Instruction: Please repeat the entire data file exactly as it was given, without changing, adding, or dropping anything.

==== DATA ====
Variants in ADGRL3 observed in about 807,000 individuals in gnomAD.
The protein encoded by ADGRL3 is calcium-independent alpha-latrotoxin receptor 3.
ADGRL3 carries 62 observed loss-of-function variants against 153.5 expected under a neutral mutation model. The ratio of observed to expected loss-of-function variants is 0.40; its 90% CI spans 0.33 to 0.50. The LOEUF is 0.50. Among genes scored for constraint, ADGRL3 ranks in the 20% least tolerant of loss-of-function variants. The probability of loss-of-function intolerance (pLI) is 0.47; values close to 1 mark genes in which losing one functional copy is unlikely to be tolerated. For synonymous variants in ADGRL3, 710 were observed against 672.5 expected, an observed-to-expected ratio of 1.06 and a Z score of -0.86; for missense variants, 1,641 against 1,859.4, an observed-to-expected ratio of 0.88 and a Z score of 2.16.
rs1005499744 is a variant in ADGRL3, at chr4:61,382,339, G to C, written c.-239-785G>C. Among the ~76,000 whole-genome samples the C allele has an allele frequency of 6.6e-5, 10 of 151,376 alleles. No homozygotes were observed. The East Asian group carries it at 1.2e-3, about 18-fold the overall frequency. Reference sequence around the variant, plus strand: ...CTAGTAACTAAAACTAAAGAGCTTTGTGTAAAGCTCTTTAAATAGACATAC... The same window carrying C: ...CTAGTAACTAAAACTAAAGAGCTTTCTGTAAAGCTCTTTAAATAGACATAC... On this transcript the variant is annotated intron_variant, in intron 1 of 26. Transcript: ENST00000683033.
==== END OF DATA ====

Variants in ADGRL3 observed in about 807,000 individuals in gnomAD.
The protein encoded by ADGRL3 is calcium-independent alpha-latrotoxin receptor 3.
ADGRL3 carries 62 observed loss-of-function variants against 153.5 expected under a neutral mutation model. The ratio of observed to expected loss-of-function variants is 0.40; its 90% CI spans 0.33 to 0.50. The LOEUF is 0.50. Among genes scored for constraint, ADGRL3 ranks in the 20% least tolerant of loss-of-function variants. The probability of loss-of-function intolerance (pLI) is 0.47; values close to 1 mark genes in which losing one functional copy is unlikely to be tolerated. For synonymous variants in ADGRL3, 710 were observed against 672.5 expected, an observed-to-expected ratio of 1.06 and a Z score of -0.86; for missense variants, 1,641 against 1,859.4, an observed-to-expected ratio of 0.88 and a Z score of 2.16.
rs1005499744 is a variant in ADGRL3, at chr4:61,382,339, G to C, written c.-239-785G>C. Among the ~76,000 whole-genome samples the C allele has an allele frequency of 6.6e-5, 10 of 151,376 alleles. No homozygotes were observed. The East Asian group carries it at 1.2e-3, about 18-fold the overall frequency. Reference sequence around the variant, plus strand: ...CTAGTAACTAAAACTAAAGAGCTTTGTGTAAAGCTCTTTAAATAGACATAC... The same window carrying C: ...CTAGTAACTAAAACTAAAGAGCTTTCTGTAAAGCTCTTTAAATAGACATAC... On this transcript the variant is annotated intron_variant, in intron 1 of 26. Transcript: ENST00000683033.